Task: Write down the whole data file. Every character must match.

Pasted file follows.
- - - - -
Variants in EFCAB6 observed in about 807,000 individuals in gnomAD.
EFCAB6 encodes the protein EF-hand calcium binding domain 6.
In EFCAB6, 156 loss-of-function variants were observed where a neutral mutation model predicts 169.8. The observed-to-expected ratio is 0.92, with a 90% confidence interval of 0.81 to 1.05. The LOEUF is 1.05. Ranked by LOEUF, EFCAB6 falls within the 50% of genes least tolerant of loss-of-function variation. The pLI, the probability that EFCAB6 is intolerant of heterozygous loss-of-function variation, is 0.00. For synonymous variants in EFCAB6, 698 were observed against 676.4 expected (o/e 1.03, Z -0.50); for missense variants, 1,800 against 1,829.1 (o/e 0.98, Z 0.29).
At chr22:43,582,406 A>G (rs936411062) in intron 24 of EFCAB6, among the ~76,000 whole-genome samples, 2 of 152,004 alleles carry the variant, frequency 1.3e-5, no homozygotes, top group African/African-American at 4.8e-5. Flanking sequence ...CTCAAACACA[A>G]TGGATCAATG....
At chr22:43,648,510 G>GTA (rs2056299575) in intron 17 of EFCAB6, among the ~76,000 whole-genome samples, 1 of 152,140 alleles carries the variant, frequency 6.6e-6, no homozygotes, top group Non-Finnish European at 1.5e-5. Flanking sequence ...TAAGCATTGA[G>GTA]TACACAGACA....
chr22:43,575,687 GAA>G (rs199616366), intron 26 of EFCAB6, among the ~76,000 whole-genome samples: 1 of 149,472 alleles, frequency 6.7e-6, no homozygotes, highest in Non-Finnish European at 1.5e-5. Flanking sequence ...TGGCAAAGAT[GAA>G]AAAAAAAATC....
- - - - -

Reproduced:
Variants in EFCAB6 observed in about 807,000 individuals in gnomAD.
EFCAB6 encodes the protein EF-hand calcium binding domain 6.
In EFCAB6, 156 loss-of-function variants were observed where a neutral mutation model predicts 169.8. The observed-to-expected ratio is 0.92, with a 90% confidence interval of 0.81 to 1.05. The LOEUF is 1.05. Ranked by LOEUF, EFCAB6 falls within the 50% of genes least tolerant of loss-of-function variation. The pLI, the probability that EFCAB6 is intolerant of heterozygous loss-of-function variation, is 0.00. For synonymous variants in EFCAB6, 698 were observed against 676.4 expected (o/e 1.03, Z -0.50); for missense variants, 1,800 against 1,829.1 (o/e 0.98, Z 0.29).
At chr22:43,582,406 A>G (rs936411062) in intron 24 of EFCAB6, among the ~76,000 whole-genome samples, 2 of 152,004 alleles carry the variant, frequency 1.3e-5, no homozygotes, top group African/African-American at 4.8e-5. Flanking sequence ...CTCAAACACA[A>G]TGGATCAATG....
At chr22:43,648,510 G>GTA (rs2056299575) in intron 17 of EFCAB6, among the ~76,000 whole-genome samples, 1 of 152,140 alleles carries the variant, frequency 6.6e-6, no homozygotes, top group Non-Finnish European at 1.5e-5. Flanking sequence ...TAAGCATTGA[G>GTA]TACACAGACA....
chr22:43,575,687 GAA>G (rs199616366), intron 26 of EFCAB6, among the ~76,000 whole-genome samples: 1 of 149,472 alleles, frequency 6.7e-6, no homozygotes, highest in Non-Finnish European at 1.5e-5. Flanking sequence ...TGGCAAAGAT[GAA>G]AAAAAAAATC....